Opening Day to the public is all day onSunday, January 31, 2016 from 11am to 11pm and is free to the public.

Berkeley Art Museum And Pacific Film Archive :: BAMPFA
2155 Center Street
Berkeley, California 94720

Hours: 11am to 9pm Wednesday to Sunday

J.M.W. Turner: Painting Set Free: At The de Young

My first experience with Turner in the wild was in 1986 at the Tate Museum in London on my first journey out of the United States. I specifically made London the first stop on my trip just to see the Turners – and the Rothkos – at the Tate Museum. They did not disappoint and have affected my own work throughout my art career.

The exhibition at the de Young also did not disappoint. The show was made up of many paintings that he had done from 1835 until his death in 1851 – some of his last works. They were presented in a way that surrounded each piece with a lot of space, on dark walls which allowed all focus to be on the work. Because I was so familiar with Turner’s larger oil paintings, albeit, not the ones in this show, the draw here for me was his watercolors. Light washes of color, with little details drawn in with graphite – many done as “sample work” to be presented when seeking commissions, and most done while he was traveling to places like Venice or Switzerland. They were definitely inspirational and almost awe-inspiring.

Below are images from this morning. The galleries were crowded and somehow I thought the people would make interesting subject matter for photographs. The ocean image used as the feature image came from a wall sized (life-sized) video that was the first thing I saw as I walked into the exhibition space. It gave the sense of a moving Turner painting, or maybe a sense of how Turner saw the world. It was mesmerizing and I’m sorry that I did not catch the credit for that piece.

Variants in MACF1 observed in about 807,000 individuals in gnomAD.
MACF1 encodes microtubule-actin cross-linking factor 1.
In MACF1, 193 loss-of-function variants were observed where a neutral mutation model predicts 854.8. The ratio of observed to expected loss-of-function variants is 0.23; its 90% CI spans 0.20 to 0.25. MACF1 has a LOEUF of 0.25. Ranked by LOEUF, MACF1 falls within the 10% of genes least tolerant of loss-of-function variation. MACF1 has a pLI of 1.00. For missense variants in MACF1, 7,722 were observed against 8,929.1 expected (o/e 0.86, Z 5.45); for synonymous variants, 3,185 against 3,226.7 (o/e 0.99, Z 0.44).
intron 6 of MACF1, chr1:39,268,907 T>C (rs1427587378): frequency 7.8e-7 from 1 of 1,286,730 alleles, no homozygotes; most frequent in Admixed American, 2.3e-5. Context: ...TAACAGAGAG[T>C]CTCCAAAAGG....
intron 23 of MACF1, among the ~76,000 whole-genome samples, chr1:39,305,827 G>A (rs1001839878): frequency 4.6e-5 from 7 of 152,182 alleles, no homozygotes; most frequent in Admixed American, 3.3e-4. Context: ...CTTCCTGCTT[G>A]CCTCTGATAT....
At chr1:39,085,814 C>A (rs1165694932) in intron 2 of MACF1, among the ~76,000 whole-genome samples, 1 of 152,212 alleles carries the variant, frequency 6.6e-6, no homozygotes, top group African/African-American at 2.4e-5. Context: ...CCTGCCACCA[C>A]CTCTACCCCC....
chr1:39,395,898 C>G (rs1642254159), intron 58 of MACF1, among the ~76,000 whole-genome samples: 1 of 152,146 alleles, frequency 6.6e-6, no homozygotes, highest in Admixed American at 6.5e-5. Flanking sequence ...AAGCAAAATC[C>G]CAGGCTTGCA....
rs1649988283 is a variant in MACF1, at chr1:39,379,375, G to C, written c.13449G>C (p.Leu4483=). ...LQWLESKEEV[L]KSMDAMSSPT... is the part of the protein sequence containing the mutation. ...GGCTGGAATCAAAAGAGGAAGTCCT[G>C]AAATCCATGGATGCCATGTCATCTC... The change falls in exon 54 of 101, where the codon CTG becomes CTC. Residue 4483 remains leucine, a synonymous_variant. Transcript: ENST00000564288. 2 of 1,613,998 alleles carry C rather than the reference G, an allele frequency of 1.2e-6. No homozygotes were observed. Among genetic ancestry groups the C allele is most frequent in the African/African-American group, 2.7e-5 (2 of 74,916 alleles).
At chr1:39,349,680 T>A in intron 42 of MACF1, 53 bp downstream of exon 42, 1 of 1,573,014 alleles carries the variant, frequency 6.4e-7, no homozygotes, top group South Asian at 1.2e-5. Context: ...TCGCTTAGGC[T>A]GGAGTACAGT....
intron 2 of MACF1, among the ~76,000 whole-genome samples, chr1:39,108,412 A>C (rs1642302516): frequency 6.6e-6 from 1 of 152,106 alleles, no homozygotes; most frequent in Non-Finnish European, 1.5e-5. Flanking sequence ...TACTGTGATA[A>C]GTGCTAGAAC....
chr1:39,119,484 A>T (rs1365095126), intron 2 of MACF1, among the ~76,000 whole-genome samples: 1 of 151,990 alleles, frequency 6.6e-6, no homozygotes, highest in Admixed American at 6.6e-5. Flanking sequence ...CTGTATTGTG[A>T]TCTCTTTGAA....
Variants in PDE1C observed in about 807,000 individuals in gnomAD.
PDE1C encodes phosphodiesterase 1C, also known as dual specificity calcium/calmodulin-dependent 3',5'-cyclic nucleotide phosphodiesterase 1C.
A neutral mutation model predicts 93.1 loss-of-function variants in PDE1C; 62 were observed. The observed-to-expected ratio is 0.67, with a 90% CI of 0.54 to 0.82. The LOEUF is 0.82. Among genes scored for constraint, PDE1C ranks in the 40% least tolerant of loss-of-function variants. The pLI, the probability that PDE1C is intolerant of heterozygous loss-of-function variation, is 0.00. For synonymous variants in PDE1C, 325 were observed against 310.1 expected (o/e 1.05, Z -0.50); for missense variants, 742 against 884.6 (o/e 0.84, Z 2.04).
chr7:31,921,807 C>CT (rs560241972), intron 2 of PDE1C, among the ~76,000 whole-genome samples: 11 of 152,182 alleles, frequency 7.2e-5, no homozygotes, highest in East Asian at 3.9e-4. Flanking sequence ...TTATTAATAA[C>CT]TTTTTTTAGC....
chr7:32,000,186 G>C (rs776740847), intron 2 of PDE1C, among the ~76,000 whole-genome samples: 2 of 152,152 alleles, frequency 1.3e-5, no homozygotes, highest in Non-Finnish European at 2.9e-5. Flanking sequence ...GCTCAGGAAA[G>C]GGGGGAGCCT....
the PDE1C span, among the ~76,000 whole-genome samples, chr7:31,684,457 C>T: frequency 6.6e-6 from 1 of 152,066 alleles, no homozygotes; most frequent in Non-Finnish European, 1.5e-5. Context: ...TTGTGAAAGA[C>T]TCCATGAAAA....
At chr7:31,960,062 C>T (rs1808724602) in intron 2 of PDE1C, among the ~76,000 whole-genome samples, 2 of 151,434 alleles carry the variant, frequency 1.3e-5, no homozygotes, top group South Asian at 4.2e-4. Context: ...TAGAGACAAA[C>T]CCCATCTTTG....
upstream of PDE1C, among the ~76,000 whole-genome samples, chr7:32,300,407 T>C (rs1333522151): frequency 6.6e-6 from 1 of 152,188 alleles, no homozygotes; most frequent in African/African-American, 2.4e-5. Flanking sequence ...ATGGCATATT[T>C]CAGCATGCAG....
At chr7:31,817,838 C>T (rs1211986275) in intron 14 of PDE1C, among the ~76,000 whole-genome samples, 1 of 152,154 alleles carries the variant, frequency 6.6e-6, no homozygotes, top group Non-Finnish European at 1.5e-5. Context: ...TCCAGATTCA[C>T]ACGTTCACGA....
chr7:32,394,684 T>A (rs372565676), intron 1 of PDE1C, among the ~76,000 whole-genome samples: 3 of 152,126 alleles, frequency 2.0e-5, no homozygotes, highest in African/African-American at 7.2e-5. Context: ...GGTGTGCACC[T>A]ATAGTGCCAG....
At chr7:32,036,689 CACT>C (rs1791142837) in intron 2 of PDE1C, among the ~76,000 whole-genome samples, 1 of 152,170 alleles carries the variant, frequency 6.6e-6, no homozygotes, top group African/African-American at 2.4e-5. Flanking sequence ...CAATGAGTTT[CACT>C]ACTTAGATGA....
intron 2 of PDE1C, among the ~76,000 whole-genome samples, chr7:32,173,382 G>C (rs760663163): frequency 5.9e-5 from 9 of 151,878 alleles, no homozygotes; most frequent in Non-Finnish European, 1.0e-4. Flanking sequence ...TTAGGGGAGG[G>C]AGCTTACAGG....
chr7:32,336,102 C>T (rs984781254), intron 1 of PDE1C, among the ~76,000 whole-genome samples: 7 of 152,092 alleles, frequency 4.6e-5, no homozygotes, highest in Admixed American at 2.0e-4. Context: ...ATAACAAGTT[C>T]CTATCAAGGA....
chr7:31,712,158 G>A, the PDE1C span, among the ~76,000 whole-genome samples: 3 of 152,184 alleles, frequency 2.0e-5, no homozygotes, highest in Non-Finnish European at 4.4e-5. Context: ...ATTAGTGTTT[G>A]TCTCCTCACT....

Joseph Mallord William Turner (1775–1851) was one of the greatest British artists of the nineteenth century. His paintings are revered for their spectacular effects of light and color, and have influenced generations of artists. His late work, created between 1835 and 1850, articu­lated a radical vision that was heedless of public reaction, and explored such themes as the rise and fall of civilizations, the natural and industrial worlds, and religious and cultural mythology. — de Young

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J.M.W. Turner: Painting Set Free
Dates: Up until September 20, 2015

The de Young Museum
Golden Gate Park
50 Hagiwara Tea Garden Drive
San Francisco, CA 94118

Yo-Yos & Half Squares: Contemporary California Quilts At The Oakland Museum of California

Unfinished (red velvet and embroidery) quilt pieced together by Rosie Lee Tompkins

My Grandmother made quilts.

My time spent in her home was surrounded by Bible stories and piles of remnant fabric left over from sewing our lives together. We cut the oddly shaped remnants into squares and triangles and rectangles and pieced them together to make large geometric patterns, mostly squares next to squares in straight Germanic lines, with the most complex pattern used being a pinwheel. I still have a single sized quilt that I made by myself on her treadle sewing machine when I was nine-years old, and another, that I made on the same machine, which had an electric motor added to it by my Grandfather somewhere between the two, when I was thirty-four.